Being comfortable with being uncomfortable

Following on from her first blog on dealing with setbacks, this week Fast explains why focusing only on the tasks you love isn’t conducive to running a successful business…

When you start up a new business there are a million things to do and very little time to do them in. As such, most people revert to what they are good at, which typically means the stuff that they like to do.

The more you do something, the better you get at it. Conversely, at the beginning of a start-up you tend to shy away from the things you are least good at, and the things you hate. This is why many people, including myself, love the beginning of starting up their own business because you are just doing fun things that you are good at.

Growing in this way, however, is detrimental and eventually the business will stall because you haven’t been putting time into all areas of the business.

Without a fully functioning business it’s impossible to grow to the ambition that you are after. Doing things you don’t want to do is not just part of a start-up, I’d argue it’s one of the most fundamental elements to success. The longer you put off the areas you hate, the longer it will take for you to truly become a successful business.

The Apprentice breaks down tasks similarly to how they would be broken up in the real world: sales, product/marketing, and money (money often being part of the product team). Whilst most people put themselves forward for the area they feel they are strongest in, not everyone gets their way and you have to adapt quickly in order to survive another week.

And as you can see on The Apprentice, not everyone can even identify what they are the best at – which makes it trickier still.

When there are areas of the business you aren’t strong at, you have two options:

      1. Hire someone to do the work
      2. Fake it till you make it

Hiring Someone

My first question for anyone who is self-employed is always “do you have an accountant?” and it shocks me how few do. This is the one area where I hugely encourage you to stop what you are doing and go find one. The huge amount of time people waste working out their accounting is often overlooked in terms of the value that could be gained if it was time spent growing the business.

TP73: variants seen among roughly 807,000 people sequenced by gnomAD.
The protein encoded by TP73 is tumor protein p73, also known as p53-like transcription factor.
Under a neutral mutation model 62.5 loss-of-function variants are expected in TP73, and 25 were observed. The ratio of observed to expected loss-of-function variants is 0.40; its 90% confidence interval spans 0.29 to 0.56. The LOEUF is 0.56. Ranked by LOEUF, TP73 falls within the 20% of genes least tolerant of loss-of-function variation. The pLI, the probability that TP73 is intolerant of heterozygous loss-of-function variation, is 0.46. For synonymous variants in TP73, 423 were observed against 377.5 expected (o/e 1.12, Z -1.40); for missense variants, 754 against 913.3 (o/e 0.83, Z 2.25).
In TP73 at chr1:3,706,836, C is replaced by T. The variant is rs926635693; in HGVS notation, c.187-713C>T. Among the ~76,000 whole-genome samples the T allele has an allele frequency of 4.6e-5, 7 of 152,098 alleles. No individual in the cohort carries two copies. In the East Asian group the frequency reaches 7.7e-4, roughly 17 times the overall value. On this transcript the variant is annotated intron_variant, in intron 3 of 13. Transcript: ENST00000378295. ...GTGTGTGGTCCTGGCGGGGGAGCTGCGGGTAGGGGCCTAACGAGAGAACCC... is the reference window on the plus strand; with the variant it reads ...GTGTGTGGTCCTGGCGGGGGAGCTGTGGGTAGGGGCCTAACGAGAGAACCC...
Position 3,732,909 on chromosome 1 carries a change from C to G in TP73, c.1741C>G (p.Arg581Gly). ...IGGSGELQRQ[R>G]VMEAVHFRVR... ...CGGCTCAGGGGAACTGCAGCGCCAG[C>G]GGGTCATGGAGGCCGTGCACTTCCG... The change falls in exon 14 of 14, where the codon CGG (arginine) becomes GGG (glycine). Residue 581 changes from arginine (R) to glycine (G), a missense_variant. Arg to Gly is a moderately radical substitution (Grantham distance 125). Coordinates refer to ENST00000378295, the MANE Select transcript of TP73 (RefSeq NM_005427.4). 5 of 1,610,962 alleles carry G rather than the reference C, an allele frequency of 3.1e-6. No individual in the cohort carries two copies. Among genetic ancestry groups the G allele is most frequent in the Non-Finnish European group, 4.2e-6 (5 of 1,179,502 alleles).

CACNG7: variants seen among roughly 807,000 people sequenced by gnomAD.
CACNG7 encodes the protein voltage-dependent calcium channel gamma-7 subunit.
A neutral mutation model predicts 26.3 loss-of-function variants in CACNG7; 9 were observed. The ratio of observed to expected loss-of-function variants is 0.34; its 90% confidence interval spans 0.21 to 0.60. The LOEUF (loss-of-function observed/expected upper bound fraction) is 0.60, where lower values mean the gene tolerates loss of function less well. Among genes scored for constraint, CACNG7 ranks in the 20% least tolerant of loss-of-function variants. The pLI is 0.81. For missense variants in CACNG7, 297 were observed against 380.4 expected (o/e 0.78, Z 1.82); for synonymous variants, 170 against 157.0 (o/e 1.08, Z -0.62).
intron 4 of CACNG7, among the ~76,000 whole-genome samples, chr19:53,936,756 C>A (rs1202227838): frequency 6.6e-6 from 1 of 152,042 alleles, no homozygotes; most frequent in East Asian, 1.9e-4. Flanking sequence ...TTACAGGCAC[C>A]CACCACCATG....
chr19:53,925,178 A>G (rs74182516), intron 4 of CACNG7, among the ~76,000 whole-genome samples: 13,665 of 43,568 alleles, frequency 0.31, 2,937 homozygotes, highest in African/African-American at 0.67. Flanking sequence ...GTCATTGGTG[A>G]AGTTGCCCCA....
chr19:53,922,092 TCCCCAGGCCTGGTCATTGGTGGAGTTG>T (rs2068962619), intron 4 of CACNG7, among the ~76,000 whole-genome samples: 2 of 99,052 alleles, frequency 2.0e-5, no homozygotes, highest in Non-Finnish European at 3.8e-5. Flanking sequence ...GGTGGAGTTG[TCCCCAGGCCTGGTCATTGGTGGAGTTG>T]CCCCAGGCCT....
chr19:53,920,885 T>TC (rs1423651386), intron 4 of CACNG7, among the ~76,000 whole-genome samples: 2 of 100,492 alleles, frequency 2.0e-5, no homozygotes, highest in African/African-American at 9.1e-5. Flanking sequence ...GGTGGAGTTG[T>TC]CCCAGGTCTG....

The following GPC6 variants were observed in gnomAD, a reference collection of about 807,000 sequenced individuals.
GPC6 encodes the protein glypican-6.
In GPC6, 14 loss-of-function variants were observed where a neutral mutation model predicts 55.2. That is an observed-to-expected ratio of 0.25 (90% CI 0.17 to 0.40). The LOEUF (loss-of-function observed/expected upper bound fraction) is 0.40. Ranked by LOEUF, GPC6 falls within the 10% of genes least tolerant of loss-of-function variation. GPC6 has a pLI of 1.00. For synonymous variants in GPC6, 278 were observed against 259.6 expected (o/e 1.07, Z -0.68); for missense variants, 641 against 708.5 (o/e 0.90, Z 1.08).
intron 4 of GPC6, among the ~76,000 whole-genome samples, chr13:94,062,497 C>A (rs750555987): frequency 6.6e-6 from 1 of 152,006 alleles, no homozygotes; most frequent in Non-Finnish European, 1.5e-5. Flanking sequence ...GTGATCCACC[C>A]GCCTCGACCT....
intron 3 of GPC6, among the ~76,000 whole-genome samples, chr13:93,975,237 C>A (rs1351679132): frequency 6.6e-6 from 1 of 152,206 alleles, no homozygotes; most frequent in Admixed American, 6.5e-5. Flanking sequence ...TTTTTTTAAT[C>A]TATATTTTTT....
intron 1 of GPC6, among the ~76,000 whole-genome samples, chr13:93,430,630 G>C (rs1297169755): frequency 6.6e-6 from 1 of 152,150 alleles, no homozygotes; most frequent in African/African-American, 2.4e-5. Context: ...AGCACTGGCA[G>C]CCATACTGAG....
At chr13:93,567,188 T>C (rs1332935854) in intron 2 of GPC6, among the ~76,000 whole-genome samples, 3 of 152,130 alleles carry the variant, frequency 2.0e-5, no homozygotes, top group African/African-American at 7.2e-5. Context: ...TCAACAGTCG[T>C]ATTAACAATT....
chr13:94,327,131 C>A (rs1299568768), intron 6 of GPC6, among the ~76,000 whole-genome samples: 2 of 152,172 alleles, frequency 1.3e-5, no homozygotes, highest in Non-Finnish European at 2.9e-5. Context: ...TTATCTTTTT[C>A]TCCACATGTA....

Don’t waste precious time, find a cheap accountant who can help you with the basics.

There are other areas of the business where you could hire people to support, but often the lack of funds in a start-up makes hiring people of true value worthwhile. Therefore, for everything else, I recommend you fake it till you make it (read my tips on faking being excellent at sales here).

Fake it till you make it

I have been singled out as a good salesperson in comparison to the rest of the candidates on The Apprentice, but I can promise you it wasn’t always so.

I used to be incredibly nervous if I had to speak at any event and would be quite uncomfortable picking up the phone to someone I didn’t know. However, when I set up my first business Slingshot Sponsorship in my bedroom in 2010 it was truly sink or swim – I quickly realised that if I didn’t sell my services, I wasn’t going to make the rent.

It took years of practice and years of forcing myself to do things I wasn’t comfortable with, but I eventually honed my skills into a personal sales strategy that works and can be found in my Amazon bestselling book PINPOINT.  

The same can be said about marketing, branding and business. Read as much as you can about the subject, following competitors to see what they are doing, and try and mirror what works. Eventually you will come up with your own style and your own process, but you’ve got to start somewhere!

Original article on Startups.

Leave a Reply

Your email address will not be published.